Friday, July 17, 2009


With the resignation of LoriAnn Lowery, president of Lloyd’s North America, one of the premier posts in the insurance market is open, fueling talk in the industry about what kind of candidate might be tapped to take the U.S. helm of the organization, according to a story in this week’s BestWeek U.S./Canada.

Lloyd’s declined to comment, other than to say it has launched the recruitment process to fill the position. Whoever is hired will find it’s an important role, with North America being responsible for 44% of Lloyd’s revenue.

“The candidate should first and foremost be a brilliant strategist,” said Linda Henman, author of “The Magnetic Boss: How to Become the Boss No One Wants to Leave,” and a consultant who works with companies to set strategy, plan succession and develop talent.

BestWeek Europe takes a look at how U.K.-based financial services group Friends Provident plc has countered an earlier takeover offer from Resolution Ltd. with its own merger plan that would see it become the holding company for an enlarged life insurance and financial services group. This would allow for “a simpler overall group structure and governance in line with accepted public company best practice,” Friends Provident said in a letter outlining the plan.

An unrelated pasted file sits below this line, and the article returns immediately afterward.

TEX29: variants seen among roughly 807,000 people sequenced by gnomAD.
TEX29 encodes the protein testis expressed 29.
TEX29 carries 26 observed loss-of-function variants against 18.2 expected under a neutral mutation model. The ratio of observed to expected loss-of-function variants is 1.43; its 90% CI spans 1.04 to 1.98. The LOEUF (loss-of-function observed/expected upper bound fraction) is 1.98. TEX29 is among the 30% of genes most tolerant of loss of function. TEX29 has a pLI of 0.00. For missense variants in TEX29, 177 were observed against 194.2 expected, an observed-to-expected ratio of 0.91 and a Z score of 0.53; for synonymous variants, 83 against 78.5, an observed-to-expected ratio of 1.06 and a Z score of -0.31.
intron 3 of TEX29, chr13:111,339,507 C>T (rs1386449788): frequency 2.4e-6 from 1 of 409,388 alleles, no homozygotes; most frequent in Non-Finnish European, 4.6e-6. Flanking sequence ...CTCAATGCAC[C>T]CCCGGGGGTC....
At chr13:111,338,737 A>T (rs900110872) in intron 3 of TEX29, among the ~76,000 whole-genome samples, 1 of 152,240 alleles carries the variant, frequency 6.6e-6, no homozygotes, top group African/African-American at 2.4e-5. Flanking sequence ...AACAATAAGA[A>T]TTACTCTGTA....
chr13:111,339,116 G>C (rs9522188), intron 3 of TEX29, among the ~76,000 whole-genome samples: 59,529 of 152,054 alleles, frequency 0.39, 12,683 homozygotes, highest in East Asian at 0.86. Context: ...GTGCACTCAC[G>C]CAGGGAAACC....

Also, in BestWeek U.S./Canada, the insurance industry has developed a sophisticated level of underwriting and claims avoidance procedures as it responds to the growing threat of attacks on Internet networks such as those targeting United States and South Korean Web sites earlier this month, industry experts said. “The use of technology and the reliance on technology has been increasing drastically for years, but only recently did insurance coverage offer a viable risk transfer piece. ... Now you’re seeing the coverage starting to address the risks that are in that increased dependence on and use of technology,” said Robert Parisi Jr., a Marsh Inc. senior vice-president responsible for technology-related issues.

He said that market penetration for such coverage “is growing very, very rapidly” because businesses and the insurance industry recognized the need “to address the information and privacy and data risks.”

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